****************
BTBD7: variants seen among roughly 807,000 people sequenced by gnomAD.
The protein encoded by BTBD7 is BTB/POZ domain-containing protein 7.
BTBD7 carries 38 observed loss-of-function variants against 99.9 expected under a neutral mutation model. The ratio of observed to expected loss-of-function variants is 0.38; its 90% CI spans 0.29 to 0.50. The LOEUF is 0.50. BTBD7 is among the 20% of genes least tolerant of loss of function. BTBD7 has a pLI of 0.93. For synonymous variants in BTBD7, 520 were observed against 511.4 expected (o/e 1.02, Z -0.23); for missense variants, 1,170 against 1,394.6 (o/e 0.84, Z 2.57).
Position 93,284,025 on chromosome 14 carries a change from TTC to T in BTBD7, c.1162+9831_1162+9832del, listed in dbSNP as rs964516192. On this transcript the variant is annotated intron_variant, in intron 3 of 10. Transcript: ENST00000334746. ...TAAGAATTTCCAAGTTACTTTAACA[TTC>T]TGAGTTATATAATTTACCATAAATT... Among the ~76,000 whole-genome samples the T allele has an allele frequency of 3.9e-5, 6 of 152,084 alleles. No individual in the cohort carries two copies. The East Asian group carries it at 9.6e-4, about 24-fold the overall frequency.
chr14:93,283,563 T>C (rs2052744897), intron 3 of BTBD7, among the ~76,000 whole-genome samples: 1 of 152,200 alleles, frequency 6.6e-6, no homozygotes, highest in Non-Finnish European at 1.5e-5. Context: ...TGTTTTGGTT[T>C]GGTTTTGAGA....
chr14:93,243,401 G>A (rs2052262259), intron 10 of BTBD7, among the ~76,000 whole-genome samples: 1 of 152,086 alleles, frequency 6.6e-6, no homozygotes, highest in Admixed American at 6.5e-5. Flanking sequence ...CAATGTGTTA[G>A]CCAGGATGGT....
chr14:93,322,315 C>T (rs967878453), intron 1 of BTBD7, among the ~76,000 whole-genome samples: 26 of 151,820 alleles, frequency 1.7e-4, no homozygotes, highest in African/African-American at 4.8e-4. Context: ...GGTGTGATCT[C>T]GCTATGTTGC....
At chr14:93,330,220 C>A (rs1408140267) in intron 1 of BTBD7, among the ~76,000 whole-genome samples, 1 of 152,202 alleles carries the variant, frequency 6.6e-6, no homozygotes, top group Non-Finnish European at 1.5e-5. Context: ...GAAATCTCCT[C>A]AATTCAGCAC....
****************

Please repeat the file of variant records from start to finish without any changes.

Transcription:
BTBD7: variants seen among roughly 807,000 people sequenced by gnomAD.
The protein encoded by BTBD7 is BTB/POZ domain-containing protein 7.
BTBD7 carries 38 observed loss-of-function variants against 99.9 expected under a neutral mutation model. The ratio of observed to expected loss-of-function variants is 0.38; its 90% CI spans 0.29 to 0.50. The LOEUF is 0.50. BTBD7 is among the 20% of genes least tolerant of loss of function. BTBD7 has a pLI of 0.93. For synonymous variants in BTBD7, 520 were observed against 511.4 expected (o/e 1.02, Z -0.23); for missense variants, 1,170 against 1,394.6 (o/e 0.84, Z 2.57).
Position 93,284,025 on chromosome 14 carries a change from TTC to T in BTBD7, c.1162+9831_1162+9832del, listed in dbSNP as rs964516192. On this transcript the variant is annotated intron_variant, in intron 3 of 10. Transcript: ENST00000334746. ...TAAGAATTTCCAAGTTACTTTAACA[TTC>T]TGAGTTATATAATTTACCATAAATT... Among the ~76,000 whole-genome samples the T allele has an allele frequency of 3.9e-5, 6 of 152,084 alleles. No individual in the cohort carries two copies. The East Asian group carries it at 9.6e-4, about 24-fold the overall frequency.
chr14:93,283,563 T>C (rs2052744897), intron 3 of BTBD7, among the ~76,000 whole-genome samples: 1 of 152,200 alleles, frequency 6.6e-6, no homozygotes, highest in Non-Finnish European at 1.5e-5. Context: ...TGTTTTGGTT[T>C]GGTTTTGAGA....
chr14:93,243,401 G>A (rs2052262259), intron 10 of BTBD7, among the ~76,000 whole-genome samples: 1 of 152,086 alleles, frequency 6.6e-6, no homozygotes, highest in Admixed American at 6.5e-5. Flanking sequence ...CAATGTGTTA[G>A]CCAGGATGGT....
chr14:93,322,315 C>T (rs967878453), intron 1 of BTBD7, among the ~76,000 whole-genome samples: 26 of 151,820 alleles, frequency 1.7e-4, no homozygotes, highest in African/African-American at 4.8e-4. Context: ...GGTGTGATCT[C>T]GCTATGTTGC....
At chr14:93,330,220 C>A (rs1408140267) in intron 1 of BTBD7, among the ~76,000 whole-genome samples, 1 of 152,202 alleles carries the variant, frequency 6.6e-6, no homozygotes, top group Non-Finnish European at 1.5e-5. Context: ...GAAATCTCCT[C>A]AATTCAGCAC....